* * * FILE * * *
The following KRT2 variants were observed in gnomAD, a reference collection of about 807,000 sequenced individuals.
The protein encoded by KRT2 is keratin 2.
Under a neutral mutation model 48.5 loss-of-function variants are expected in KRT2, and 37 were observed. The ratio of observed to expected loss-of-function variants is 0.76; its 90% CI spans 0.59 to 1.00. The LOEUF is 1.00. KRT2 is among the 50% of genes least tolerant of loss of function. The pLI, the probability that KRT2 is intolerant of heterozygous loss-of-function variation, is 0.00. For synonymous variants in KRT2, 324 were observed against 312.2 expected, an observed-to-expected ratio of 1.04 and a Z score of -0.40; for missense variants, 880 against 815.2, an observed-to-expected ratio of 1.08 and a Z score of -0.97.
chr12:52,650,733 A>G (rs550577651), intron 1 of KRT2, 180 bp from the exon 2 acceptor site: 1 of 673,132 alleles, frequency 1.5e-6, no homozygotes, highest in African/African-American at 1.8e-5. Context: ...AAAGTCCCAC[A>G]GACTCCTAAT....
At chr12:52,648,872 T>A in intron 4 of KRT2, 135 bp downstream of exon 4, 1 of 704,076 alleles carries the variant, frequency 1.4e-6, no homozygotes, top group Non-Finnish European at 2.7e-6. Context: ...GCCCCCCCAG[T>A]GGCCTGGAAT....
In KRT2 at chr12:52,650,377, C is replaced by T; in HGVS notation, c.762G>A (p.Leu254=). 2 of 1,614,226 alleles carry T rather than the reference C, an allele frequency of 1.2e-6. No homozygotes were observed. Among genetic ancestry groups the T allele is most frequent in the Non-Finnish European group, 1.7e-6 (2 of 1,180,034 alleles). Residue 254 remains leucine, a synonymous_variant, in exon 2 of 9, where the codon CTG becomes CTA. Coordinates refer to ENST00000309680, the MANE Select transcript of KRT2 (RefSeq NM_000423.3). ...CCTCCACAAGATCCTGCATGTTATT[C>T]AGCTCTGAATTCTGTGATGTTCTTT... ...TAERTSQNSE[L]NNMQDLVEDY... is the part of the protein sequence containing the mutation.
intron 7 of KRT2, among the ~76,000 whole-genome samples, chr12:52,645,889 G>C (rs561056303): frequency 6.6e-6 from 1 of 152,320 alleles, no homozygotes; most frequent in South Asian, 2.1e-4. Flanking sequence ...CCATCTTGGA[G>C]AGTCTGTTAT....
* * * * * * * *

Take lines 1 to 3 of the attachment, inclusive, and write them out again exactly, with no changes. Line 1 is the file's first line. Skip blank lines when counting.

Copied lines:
The following KRT2 variants were observed in gnomAD, a reference collection of about 807,000 sequenced individuals.
The protein encoded by KRT2 is keratin 2.
Under a neutral mutation model 48.5 loss-of-function variants are expected in KRT2, and 37 were observed. The ratio of observed to expected loss-of-function variants is 0.76; its 90% CI spans 0.59 to 1.00. The LOEUF is 1.00. KRT2 is among the 50% of genes least tolerant of loss of function. The pLI, the probability that KRT2 is intolerant of heterozygous loss-of-function variation, is 0.00. For synonymous variants in KRT2, 324 were observed against 312.2 expected, an observed-to-expected ratio of 1.04 and a Z score of -0.40; for missense variants, 880 against 815.2, an observed-to-expected ratio of 1.08 and a Z score of -0.97.